The final stage of treatment was to confront the root of my eating disorder and the reason my monster held so much power: body image. I had always struggled to see my body and my shape in a forgiving and accepting way. I had such a difficult time with this aspect of treatment that they had to extend my therapy. We needed more time to flip the switch in my mind. Finally, Dana suggested I read “The Body Image Workbook,” and just like “The Happiness Project” had done months before, another book was about to change my life.
     The book was written in a voice full of logic, even humour and irony. It talked about the nature of one’s appearance in society and what it really means. It forced me to look at my own true goals and values in life and made me realize that being super skinny had nothing to do with my true happiness and fulfillment. I realized that spending so much time obsessing on how I look did nothing to bring me closer to my family or friends or to further my career. I realized how much time and energy I had been wasting chasing this thing that could never really fulfill me.
     I began to be more appreciative of my body and respect all that it does for me. I was thankful that it didn’t turn on me like I had turned on it, and that I hadn’t done any permanent damage with my harmful habits.
     Most importantly, this book ignited a sense of integrity and self-respect within me, and I realized how great it would be to simply appreciate and own what I have been given. To celebrate my own uniqueness instead of starving myself to look like a mannequin. For the first time in my life I was excited to just be me.
     I revealed this feeling to Dana along with my new goals and excitement about my new perspective.
     She smiled, looked at me and said “I think we’re done now.” I still remember that moment. It was a great moment.

Fast forward to freedom…

     During our last session Dana gave me her contact information and assured me that if I ever relapsed, I could find her. I did contact her once. The following year I wrote her to thank her for all her help, care, and patience. There was no relapse. I was free.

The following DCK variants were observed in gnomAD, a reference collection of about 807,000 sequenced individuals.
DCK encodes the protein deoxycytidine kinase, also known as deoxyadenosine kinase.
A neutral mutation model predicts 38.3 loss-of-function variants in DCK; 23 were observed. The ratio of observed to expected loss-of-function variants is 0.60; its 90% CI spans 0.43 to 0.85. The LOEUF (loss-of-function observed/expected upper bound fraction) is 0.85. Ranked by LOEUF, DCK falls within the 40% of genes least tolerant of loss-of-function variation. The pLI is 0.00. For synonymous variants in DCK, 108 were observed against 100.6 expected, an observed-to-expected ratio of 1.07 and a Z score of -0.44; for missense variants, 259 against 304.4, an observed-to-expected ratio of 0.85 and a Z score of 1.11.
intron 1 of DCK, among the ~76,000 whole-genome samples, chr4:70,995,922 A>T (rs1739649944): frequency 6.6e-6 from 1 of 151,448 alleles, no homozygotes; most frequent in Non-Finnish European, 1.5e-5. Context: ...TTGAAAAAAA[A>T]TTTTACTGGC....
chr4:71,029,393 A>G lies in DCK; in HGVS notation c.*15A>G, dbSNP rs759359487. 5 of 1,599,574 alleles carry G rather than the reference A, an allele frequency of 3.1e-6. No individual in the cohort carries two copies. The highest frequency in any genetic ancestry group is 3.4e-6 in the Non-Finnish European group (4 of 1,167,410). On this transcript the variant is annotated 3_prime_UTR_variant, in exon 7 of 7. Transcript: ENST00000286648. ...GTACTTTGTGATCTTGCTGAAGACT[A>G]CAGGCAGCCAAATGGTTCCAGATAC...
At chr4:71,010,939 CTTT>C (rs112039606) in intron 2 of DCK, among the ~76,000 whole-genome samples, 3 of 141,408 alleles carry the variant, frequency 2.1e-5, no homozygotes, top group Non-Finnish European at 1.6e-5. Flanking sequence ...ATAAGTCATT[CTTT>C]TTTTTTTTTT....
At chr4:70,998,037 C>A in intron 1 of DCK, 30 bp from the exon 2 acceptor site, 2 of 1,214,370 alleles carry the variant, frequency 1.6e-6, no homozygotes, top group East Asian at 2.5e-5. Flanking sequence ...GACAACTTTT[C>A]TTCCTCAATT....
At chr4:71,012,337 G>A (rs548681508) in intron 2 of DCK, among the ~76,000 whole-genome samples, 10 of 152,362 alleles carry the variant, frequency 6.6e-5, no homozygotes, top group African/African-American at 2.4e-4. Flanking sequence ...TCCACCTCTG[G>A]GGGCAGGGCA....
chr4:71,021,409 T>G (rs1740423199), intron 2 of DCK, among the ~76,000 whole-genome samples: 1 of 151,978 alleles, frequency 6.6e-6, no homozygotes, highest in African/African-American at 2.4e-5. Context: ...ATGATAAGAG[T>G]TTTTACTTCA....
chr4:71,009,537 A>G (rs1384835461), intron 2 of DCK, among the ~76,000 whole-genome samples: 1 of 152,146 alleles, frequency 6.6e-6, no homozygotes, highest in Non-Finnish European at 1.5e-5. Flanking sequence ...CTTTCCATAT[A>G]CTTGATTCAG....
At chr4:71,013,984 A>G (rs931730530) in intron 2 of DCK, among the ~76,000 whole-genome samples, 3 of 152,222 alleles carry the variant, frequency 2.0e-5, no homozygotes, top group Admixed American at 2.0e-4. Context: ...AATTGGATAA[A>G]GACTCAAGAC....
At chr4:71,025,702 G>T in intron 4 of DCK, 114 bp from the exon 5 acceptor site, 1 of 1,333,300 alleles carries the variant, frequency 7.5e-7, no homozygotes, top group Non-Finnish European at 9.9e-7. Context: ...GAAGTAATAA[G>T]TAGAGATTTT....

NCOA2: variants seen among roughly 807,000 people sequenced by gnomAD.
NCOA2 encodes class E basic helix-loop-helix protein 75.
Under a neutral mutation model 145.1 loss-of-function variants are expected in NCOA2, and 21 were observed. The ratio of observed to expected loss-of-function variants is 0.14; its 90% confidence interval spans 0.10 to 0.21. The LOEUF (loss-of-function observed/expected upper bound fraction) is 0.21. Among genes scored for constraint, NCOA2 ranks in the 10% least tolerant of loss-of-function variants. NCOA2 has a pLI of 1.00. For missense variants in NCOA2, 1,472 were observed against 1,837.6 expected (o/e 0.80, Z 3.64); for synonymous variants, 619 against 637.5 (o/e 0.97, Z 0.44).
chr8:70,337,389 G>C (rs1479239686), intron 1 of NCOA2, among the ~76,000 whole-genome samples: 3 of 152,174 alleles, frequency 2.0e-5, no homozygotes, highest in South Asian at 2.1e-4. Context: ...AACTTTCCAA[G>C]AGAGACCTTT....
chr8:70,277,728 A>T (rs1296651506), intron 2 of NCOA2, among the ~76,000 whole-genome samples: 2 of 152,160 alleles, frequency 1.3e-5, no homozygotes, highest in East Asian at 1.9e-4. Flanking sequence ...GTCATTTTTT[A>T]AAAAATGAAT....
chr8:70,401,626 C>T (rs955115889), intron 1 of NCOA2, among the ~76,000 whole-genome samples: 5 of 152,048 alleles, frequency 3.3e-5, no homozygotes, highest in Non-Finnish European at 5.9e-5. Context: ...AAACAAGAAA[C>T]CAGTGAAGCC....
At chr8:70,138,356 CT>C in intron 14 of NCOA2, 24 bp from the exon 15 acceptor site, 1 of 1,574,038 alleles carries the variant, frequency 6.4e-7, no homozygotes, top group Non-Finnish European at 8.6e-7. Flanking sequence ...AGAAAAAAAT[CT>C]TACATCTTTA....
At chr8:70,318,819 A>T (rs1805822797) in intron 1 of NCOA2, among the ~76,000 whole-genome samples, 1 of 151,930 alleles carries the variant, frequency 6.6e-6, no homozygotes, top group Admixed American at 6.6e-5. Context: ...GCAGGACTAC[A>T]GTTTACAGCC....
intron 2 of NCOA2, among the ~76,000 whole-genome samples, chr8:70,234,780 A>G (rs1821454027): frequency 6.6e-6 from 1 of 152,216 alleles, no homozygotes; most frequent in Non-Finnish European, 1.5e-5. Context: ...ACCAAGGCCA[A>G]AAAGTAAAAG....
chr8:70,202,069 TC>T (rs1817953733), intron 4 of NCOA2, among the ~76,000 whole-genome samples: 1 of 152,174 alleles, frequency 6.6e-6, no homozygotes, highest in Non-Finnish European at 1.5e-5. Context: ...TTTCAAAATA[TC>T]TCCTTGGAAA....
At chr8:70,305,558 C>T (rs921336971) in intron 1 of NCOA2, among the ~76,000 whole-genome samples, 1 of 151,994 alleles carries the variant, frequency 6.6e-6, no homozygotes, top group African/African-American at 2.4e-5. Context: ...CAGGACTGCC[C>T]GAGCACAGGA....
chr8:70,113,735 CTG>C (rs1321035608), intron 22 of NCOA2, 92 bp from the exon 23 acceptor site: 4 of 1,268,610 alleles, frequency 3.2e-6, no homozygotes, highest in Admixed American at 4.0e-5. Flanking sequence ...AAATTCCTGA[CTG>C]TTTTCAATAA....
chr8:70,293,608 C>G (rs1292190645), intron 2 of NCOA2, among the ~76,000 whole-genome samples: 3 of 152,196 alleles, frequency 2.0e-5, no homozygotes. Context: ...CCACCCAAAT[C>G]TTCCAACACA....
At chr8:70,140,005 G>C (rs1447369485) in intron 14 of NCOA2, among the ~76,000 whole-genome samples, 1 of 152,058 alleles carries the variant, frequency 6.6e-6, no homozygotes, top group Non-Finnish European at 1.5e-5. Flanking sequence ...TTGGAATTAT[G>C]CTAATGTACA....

There were still challenges to deal with and work through after therapy ended, but the difference was now I was equipped with the tools to do so. Every day, month and year since 2011 has been easier and I really do feel free. I’m so happy to have more time and energy to really experience and enjoy my life.
     I promised myself to never diet again and now when I exercise I make sure I do things I enjoy.
     My fitness goals are focused on being faster, stronger, and healthier. I discovered that I love the endorphin rush from a good run and the serenity of yoga. I take dance classes just for the fun of it!
     I began donating to NEDIC in 2012 because I was so VERY grateful for the resources and support it provides. I still kept my story private from most people other than a few close friends and family members, but when Merryl Bear (the director or NEDIC) sent me a thank you letter for my donations, I decided to share my story with her.
     In 2014, feeling stronger than ever, I approached Merryl and explained how I wanted to help the cause, and why. Ever since that meeting, I’ve been working with them in any way I can to try and spread awareness of Eating Disorders and how people can get help. I stand behind them wholeheartedly because I know what an important organization NEDIC is. Without them, I might still be fighting my monster today.

A final word…

     My only hope in writing this is that my story can help someone. I encourage you to share it so more people can learn from it and get the support or treatment they need. I’ve learned a great deal about eating disorders through my own recovery and was startled to discover that anorexia is the leading cause of mental illness related death in Canada. I’ve also learned a great deal about the horrible damage you can do to your body from the unhealthy habits associated with anorexia and bulimia. If I hadn’t gotten help when I did, that damage could have been permanent. If you have an eating disorder, please get help. Contact your doctor, find resources through NEDIC at WWW.NEDIC.CA or call the NEDIC help line at 416-340-4156 or toll free at 1-866-633-4220.
     If you think you might know someone with an eating disorder, again contact NEDIC. It’s free, confidential, and you’ll be able to speak to professionals who know the best way to approach the situation. I went to great lengths to hide my eating disorder and after therapy ended, some friends and family admitted to having suspicions but never really knew how to talk to me about it. Don’t be afraid to contact NEDIC and ask for advice.
     For those of you in recovery, stay strong! I can’t say it enough: tearing apart your monster may be hard, but it is SO worth it! There really is a happier side of life. A side where you are comfortable with your body and you can experience so much more of what life has to offer!